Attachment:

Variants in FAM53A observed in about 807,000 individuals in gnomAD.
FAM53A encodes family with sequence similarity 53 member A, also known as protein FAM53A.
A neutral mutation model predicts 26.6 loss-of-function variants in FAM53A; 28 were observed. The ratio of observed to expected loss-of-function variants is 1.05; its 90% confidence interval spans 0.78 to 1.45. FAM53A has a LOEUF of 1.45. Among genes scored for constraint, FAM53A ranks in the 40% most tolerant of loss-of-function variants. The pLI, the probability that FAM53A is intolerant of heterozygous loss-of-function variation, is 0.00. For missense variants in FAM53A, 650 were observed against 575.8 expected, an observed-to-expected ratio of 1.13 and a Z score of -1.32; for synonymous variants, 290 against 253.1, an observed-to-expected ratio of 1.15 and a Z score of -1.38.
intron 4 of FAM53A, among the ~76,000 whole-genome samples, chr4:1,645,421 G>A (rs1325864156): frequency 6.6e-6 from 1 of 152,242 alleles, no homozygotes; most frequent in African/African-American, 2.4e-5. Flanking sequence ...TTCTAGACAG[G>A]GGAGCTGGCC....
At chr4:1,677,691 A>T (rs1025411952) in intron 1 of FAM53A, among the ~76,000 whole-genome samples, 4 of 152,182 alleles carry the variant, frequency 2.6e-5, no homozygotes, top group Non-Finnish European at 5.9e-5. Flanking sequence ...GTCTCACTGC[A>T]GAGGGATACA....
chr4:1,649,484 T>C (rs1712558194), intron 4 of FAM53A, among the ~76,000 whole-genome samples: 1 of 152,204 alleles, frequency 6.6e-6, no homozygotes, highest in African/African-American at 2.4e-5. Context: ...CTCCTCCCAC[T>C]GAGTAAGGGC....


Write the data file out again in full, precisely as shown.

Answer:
Variants in FAM53A observed in about 807,000 individuals in gnomAD.
FAM53A encodes family with sequence similarity 53 member A, also known as protein FAM53A.
A neutral mutation model predicts 26.6 loss-of-function variants in FAM53A; 28 were observed. The ratio of observed to expected loss-of-function variants is 1.05; its 90% confidence interval spans 0.78 to 1.45. FAM53A has a LOEUF of 1.45. Among genes scored for constraint, FAM53A ranks in the 40% most tolerant of loss-of-function variants. The pLI, the probability that FAM53A is intolerant of heterozygous loss-of-function variation, is 0.00. For missense variants in FAM53A, 650 were observed against 575.8 expected, an observed-to-expected ratio of 1.13 and a Z score of -1.32; for synonymous variants, 290 against 253.1, an observed-to-expected ratio of 1.15 and a Z score of -1.38.
intron 4 of FAM53A, among the ~76,000 whole-genome samples, chr4:1,645,421 G>A (rs1325864156): frequency 6.6e-6 from 1 of 152,242 alleles, no homozygotes; most frequent in African/African-American, 2.4e-5. Flanking sequence ...TTCTAGACAG[G>A]GGAGCTGGCC....
At chr4:1,677,691 A>T (rs1025411952) in intron 1 of FAM53A, among the ~76,000 whole-genome samples, 4 of 152,182 alleles carry the variant, frequency 2.6e-5, no homozygotes, top group Non-Finnish European at 5.9e-5. Flanking sequence ...GTCTCACTGC[A>T]GAGGGATACA....
chr4:1,649,484 T>C (rs1712558194), intron 4 of FAM53A, among the ~76,000 whole-genome samples: 1 of 152,204 alleles, frequency 6.6e-6, no homozygotes, highest in African/African-American at 2.4e-5. Context: ...CTCCTCCCAC[T>C]GAGTAAGGGC....